In addition, to provide better support to continuing students, Ashford has used predictive modeling to focus more intently on the identification of students who are experiencing difficulties, and we have increased the size of our student support team. This increased investment will complement the extended support from admission staff for fewer -- for newer students and provide increased levels of support for students throughout the entire academic program at Ashford.

I'd like to turn now to Ashford's student success initiatives. Overall, they are aimed at ensuring the right students are admitted, that the students who ultimately would drop do not start in the first place. In broad terms, we will reduce spending on marketing and sales and reallocate those funds to educationally-focused initiatives aimed at student success. More specifically, a portion of Ashford admissions department workforce has been reassigned to work as a point of first contact with prospective students to ensure that they have accurate awareness of what it takes to successfully earn a degree from Ashford, and that they're sufficiently prepared for university education. With the renewed focus on lead analytics to make new student selection process more effective, the role of Ashford's new student success initiatives in helping identify and admit students who'd fit best with Ashford and the expanded orientation program, we require a smaller, more focused admissions counselor workforce.

While we anticipate that these changes will result in fewer new enrollments, we believe that the students who are admitted to persist and complete at higher rates, which will continue a trend we began in prior quarters.

Next, we are implementing policy changes in the admissions area, further designed to ensure that students are well matched with our academic programs. For example, Ashford will limit all new admissions to online programs to adults 22 years of age or older once they already have at least an A.A. degree, which is an expansion of an earlier policy. In addition to this expanded policy, we've also discontinued new enrollments into 2 associate programs, business and organizational management.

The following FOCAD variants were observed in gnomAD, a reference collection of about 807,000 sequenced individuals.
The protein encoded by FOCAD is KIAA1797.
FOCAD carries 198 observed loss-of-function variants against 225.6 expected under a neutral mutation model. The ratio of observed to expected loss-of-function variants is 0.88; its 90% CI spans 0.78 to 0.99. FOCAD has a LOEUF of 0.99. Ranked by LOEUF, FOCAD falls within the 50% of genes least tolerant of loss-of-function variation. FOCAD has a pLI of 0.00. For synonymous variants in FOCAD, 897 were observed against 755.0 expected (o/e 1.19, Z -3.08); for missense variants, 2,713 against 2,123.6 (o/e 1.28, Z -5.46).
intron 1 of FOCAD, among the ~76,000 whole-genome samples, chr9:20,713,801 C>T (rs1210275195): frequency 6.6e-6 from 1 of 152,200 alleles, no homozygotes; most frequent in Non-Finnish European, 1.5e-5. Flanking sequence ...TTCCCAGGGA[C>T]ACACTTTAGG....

Third, Ashford plans to further verify student readiness through an expansion of the student orientation program. This free 2-week course is expanded to all 0-credit undergraduate students at Ashford and will give students a hands-on look at what it's like to be an Ashford student.

The fourth initiative in the student success area is an expansion of what we call the Ashford Promise. Under this initiative, all new students will benefit from a broadening of Ashford's refund policy, which will allow a student to experience the first 3 weeks of class before incurring any financial obligation. At any time during these first 3 weeks, students who either opt out or do not demonstrate satisfactory academic progress will not be matriculated into the university. They will not be responsible for any tuition and fees and, of course, will not incur any related debt. In addition to helping students to be sure that Ashford is the right institution for them before incurring any financial obligation, this initiative is one way that Ashford can help address the national problem of rising student loan debt.

In parallel with the student success initiatives, we are expanding the support we provide in 2 other important ways. First, Ashford is continuing to expand the breadth of technology it provides students over the entire length of their experience with Ashford. As a result, Ashford has decided to replace the current onetime technology fee with a $50 per course charge beginning with students entering the institution on or after January 1, 2013.

Second, to help our graduates make the most of their careers post-graduation, Ashford is expanding the level of career support services. This will take the form and help with resume building, job search and interview preparation for our students nearing graduation. For alumni, we are establishing an alumni networking system and an employer awareness program for Ashford and its graduates.